Three Ballets: Within the Golden Hour, Medusa and Flight Pattern (Screening)
Three Ballets: Within the Golden Hour, Medusa and Flight Pattern (Screening)

Three Ballets: Within the Golden Hour, Medusa and Flight Pattern (Screening)

DATE

14 Aug (Sat) - 14 Aug (Sat)
19 Aug (Thu) - 19 Aug (Thu)

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TIME

Saturday, 14:30 - 14:30

Thursday, 19:30 - 19:30

PRICE

Sold out $28 Limited concessions for Students, NSFs and Seniors: $20 Package of 4: $100 Applicable across all NT Live and da:ns series screenings (Hansard, The Lehman Trilogy, King Lear, Cyrano de Bergerac, The Curious Incident of the Dog in the Night-Time, Alice’s Adventures in Wonderland, The Sleeping Beauty and Three Ballets: Within the Golden Hour, Medusa and Flight Pattern) BUY PACKAGE Esplanade&Me Specials Black & White: 15% savings Discover: 10% savings (limited tickets) Not a member? Great arts experiences start with Esplanade&Me Discover, a free membership for everyone. Sign up More details +

LOCATION

Esplanade. Esplanade Theatre

#Family#Dance

Filmed in 2019, this mixed programme is a refreshing presentation of contemporary ballet by three leading contemporary choreographers: Christopher Wheeldon, Sidi Larbi Cherkaoui and Crystal Pite. This programme showcases three diverse works performed by the dancers of The Royal Ballet. Get a glimpse of the playfulness of courtship in Wheeldon’s Within the Golden Hour, witness a powerful and sombre exploration of migration and the refugee crisis in Pite’s Flight Pattern and contemplate mythical power through Cherkaoui’s Medusa.

Within the Golden Hour

Within the Golden Hour features seven couples dancing in shifting groups, separating for three distinct and highly-characterised pas de deux—light, sensual and confrontational, returning together for a thrilling ending. The complex and intricate choreography exhibits Wheeldon’s characteristic ensemble work that shifts and mutates, reflecting on the beauty of both individual and collective movement.

Within the Golden Hour was originally created for San Francisco Ballet in 2008 as part of their New Works Festival, which celebrated the company’s 75th anniversary. Italian minimalist composer Ezio Bosso created the original score for strings, incorporating the music of Vivaldi. English designer Jasper Conran, who has designed for the likes of Diana, Princess of Wales and notable ballerinas such as Darcey Bussell, created costumes inspired by the ‘shimmering golden light’ that makes up the elusive golden hour. Within the Golden Hour was first performed by The Royal Ballet in 2016.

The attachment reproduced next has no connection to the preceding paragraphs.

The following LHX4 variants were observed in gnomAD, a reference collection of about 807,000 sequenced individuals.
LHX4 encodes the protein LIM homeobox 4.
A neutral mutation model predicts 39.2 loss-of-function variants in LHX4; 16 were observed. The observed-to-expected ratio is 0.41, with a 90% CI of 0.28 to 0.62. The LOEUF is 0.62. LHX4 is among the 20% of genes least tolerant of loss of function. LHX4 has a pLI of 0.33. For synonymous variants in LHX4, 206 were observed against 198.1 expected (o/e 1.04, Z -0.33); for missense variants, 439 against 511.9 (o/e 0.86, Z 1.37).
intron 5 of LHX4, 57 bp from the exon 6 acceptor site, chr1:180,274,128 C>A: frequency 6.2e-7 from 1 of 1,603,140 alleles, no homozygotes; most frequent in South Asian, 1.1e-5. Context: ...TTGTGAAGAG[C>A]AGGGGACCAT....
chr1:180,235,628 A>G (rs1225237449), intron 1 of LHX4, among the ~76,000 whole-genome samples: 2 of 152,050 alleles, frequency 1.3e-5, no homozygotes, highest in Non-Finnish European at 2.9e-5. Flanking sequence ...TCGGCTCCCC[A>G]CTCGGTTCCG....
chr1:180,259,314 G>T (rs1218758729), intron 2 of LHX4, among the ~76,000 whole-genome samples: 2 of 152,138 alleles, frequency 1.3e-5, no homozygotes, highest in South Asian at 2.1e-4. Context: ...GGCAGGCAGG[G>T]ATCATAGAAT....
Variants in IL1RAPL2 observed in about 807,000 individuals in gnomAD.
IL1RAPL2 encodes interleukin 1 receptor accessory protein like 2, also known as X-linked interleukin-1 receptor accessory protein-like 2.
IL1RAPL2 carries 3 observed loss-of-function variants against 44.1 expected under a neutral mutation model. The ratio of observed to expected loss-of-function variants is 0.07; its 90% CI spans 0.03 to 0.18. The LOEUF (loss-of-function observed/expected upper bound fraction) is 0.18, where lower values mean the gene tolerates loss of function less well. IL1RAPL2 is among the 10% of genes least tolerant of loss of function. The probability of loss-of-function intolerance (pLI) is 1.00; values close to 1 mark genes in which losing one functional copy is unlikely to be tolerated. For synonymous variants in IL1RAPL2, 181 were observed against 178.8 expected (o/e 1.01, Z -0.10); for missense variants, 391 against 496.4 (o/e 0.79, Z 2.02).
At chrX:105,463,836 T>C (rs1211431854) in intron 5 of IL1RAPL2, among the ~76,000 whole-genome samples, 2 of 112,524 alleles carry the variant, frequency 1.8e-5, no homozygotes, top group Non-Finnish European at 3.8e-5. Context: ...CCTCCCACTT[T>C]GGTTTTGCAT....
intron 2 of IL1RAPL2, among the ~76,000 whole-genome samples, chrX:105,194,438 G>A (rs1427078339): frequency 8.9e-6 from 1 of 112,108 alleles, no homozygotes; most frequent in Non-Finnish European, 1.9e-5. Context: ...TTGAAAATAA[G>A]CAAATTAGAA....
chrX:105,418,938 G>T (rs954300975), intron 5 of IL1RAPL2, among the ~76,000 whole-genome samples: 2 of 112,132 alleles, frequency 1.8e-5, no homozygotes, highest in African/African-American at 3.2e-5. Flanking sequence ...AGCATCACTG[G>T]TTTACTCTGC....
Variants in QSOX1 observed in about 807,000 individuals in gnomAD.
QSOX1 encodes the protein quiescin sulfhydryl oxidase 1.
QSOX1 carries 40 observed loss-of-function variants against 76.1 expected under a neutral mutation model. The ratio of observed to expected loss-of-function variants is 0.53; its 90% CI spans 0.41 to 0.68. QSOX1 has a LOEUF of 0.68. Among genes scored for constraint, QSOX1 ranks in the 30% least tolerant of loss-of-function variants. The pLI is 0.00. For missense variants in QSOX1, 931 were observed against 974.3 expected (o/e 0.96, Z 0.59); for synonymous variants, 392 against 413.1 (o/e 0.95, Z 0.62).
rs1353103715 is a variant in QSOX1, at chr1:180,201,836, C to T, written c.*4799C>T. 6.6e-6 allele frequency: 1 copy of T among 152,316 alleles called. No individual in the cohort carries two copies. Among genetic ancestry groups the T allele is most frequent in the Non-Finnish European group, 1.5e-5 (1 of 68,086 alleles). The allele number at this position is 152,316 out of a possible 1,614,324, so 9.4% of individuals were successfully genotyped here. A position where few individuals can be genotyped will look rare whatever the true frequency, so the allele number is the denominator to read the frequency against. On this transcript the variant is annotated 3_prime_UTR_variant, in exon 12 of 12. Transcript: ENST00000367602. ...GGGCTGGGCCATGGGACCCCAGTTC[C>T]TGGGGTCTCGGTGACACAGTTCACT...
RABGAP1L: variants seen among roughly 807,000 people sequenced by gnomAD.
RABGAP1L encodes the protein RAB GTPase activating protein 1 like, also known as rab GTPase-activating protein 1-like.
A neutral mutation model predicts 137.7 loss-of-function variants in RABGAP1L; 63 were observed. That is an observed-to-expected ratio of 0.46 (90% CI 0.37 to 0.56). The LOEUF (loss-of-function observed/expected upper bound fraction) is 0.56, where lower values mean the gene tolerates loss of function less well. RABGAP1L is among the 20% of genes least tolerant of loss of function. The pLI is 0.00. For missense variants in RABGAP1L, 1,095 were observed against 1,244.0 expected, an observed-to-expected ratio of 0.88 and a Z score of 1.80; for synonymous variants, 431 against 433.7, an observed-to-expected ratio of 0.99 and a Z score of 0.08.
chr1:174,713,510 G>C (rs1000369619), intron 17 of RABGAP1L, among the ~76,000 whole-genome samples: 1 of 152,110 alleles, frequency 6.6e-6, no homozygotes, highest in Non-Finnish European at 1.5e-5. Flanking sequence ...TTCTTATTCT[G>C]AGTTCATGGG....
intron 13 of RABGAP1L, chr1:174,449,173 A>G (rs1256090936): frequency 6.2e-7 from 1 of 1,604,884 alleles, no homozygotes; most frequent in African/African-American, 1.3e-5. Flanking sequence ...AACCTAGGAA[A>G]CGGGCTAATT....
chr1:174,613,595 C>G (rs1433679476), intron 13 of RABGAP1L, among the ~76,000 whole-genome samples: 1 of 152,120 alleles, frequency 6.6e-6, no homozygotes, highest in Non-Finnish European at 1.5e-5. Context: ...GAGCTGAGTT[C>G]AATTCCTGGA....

Medusa

This screening features the first performance of Sidi Larbi Cherkaoui’s Medusa, the choreographer’s first commissioned work for The Royal Ballet. With Natalia Osipova in the title role, Medusa follows the story of Medusa, the priestess who is raped by the sea god Poseidon. The goddess Athena seeks to punish someone for this act but is unable to punish another god, and thus directs her fury at Medusa for an act that was not her fault, turning her into a monster.

Belgian choreographer Sidi Larbi Cherkaoui is the artistic director of Royal Ballet of Flanders as well as artistic director of his own company, Eastman, and associate artist at Sadler’s Wells. Cherkaoui’s style is eclectic, drawing on his training in many different styles of dance, from ballet to hip-hop via tap, jazz and flamenco. This new work performed by The Royal Ballet shows the Company embracing new styles and fusions.

Flight Pattern

Canadian choreographer Crystal Pite has been acclaimed as ‘one of the most talented and intriguing choreographers working today’ (The New York Times). Flight Pattern, created in 2017, is her first work for The Royal Ballet. Critically acclaimed at its premiere, Flight Pattern is a poignant response to one of the biggest humanitarian crises currently faced by society.

This large-scale ensemble work, set to music from Górecki’s Symphony of Sorrowful Songs, takes a powerful and sombre look at the ongoing refugee crisis. Górecki’s music, often associated with the Holocaust, explores themes of motherhood and the separation of families. Pite gives these themes new meaning through this work, moving from the large-scale image of displaced communities to focus on the raw emotions of individuals: the large ensemble cast moves as one body, packed together in tight rows, until one distraught couple is marked out from the crowd through a moving pas de deux.

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